Braxton hicks when pregnant
Painless tightenings, called Braxton Hick's contractions, start at the top of the fundus and travel down the uterus causing it to harden for about 30 seconds. This painless activity toward the end of pregnancy gave the uterus the practice it needed to contract strongly enough to expel a baby through the birth canal. The contractions also help direct more blood into the placenta during the last few weeks of pregnancy.
Although some women are completely unaware of having Braxton Hicks, for others they can become quite strong and uncomfortable toward the end of pregnancy. If this is the case for you, try changing your position, getting up and walking around, or having a warm ( !!! not hot) bath, since these simple remedies can help relax the uterine muscles. Practicing some breathing and relaxation techniques you are preparing for labor are also likely to be of benefit, as will back massage.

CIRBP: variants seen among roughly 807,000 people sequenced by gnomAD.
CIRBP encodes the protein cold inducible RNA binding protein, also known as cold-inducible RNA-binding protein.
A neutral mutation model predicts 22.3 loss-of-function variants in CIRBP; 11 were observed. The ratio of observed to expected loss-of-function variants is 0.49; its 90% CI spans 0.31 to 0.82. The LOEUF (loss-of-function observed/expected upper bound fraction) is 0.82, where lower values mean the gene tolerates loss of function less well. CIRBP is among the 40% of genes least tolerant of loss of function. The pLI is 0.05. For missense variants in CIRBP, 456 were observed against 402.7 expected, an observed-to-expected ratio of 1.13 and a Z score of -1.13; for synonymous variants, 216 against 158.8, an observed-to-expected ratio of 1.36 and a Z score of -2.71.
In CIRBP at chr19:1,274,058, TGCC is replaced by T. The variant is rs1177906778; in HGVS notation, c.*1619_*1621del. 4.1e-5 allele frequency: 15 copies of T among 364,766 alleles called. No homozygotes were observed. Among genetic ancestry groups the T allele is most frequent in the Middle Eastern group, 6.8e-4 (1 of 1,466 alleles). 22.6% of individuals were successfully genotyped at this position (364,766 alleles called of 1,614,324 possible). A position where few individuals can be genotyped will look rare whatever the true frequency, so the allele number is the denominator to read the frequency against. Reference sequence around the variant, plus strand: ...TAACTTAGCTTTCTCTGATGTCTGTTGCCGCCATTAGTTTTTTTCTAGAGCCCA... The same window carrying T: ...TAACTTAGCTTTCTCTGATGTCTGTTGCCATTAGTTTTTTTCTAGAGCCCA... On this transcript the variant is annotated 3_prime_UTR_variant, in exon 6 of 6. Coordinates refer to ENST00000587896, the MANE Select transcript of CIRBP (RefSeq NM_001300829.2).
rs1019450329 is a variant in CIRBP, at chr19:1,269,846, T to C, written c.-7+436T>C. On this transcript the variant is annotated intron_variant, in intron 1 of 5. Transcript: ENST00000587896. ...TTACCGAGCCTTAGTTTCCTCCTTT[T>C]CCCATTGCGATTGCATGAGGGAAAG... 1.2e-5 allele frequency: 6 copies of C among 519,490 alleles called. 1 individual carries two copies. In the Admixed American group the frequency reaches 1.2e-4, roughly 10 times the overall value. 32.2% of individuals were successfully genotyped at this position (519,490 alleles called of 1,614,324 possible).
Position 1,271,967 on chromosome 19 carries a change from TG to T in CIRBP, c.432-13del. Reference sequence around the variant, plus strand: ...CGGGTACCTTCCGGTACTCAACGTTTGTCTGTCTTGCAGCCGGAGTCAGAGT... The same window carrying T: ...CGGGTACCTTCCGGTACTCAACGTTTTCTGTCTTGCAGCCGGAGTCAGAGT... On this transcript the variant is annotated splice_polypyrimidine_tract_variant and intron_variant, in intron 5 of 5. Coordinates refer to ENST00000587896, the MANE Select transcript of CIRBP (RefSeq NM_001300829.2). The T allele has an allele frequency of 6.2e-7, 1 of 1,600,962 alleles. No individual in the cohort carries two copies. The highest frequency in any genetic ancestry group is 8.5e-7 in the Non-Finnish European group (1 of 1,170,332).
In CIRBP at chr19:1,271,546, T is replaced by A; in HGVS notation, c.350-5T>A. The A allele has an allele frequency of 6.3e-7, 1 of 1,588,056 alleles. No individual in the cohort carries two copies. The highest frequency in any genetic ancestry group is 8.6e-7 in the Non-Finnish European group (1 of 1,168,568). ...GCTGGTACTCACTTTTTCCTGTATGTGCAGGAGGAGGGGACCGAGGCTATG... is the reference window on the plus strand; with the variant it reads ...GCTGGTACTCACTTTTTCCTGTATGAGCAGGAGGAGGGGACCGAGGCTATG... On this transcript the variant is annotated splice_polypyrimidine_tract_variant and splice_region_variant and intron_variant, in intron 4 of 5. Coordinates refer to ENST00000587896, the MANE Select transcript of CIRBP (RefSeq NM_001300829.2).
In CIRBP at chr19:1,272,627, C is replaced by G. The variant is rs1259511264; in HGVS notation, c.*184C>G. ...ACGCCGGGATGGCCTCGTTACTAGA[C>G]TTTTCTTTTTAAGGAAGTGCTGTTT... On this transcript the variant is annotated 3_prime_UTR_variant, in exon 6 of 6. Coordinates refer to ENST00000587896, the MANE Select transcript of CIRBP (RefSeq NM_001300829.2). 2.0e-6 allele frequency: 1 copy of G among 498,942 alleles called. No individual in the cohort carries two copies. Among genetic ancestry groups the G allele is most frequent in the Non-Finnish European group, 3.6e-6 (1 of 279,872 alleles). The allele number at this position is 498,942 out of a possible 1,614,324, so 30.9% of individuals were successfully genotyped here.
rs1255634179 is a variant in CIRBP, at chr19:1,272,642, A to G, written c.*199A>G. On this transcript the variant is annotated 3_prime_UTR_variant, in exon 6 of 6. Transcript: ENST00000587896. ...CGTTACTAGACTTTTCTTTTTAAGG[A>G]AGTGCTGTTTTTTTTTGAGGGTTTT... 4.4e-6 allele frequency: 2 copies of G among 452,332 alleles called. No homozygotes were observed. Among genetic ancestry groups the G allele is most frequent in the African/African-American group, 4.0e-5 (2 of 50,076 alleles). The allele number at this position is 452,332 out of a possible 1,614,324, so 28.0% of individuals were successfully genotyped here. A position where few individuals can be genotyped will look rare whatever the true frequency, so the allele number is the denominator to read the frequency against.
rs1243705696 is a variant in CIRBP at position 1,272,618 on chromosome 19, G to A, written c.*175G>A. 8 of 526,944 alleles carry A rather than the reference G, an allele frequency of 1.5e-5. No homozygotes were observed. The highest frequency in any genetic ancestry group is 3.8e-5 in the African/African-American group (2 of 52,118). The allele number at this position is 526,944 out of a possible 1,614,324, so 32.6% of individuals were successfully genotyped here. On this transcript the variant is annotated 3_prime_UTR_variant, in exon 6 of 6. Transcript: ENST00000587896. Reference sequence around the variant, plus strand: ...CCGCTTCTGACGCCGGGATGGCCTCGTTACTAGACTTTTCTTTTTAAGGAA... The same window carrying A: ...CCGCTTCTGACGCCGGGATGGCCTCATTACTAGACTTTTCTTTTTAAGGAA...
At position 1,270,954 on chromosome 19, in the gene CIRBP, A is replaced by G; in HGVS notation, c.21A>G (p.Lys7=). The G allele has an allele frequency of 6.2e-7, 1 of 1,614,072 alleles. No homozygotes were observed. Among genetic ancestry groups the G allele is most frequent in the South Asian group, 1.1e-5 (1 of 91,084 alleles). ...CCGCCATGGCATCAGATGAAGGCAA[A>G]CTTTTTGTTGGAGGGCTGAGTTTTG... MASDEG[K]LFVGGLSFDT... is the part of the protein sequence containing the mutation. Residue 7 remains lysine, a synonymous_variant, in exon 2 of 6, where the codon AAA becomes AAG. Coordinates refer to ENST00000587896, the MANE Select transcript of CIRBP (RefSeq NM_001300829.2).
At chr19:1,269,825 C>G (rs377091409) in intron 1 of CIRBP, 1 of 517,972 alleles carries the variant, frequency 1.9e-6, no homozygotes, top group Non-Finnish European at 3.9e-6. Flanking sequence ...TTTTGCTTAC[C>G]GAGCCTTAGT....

If this is your first pregnancy, it may be difficult for you to know whether you're having Braxton or early labor pains so the rule here is that if you are not sure, go to your midwife or OB for help. It is essential to report any prolonged or painful uterine activity immediately, especially if it is accompanied by lower backache, since you may be threatening to go into premature labor.
Another possible cause of uterine pain and low backache is placental abruption, which required urgent medical attention. In this condition the placenta starts to separate from the wall of the uterus. The underlying cause is unknown, but it is more common in cigarette smokers, cocaine and crack users, women with poor nutrition, or high blood pressure.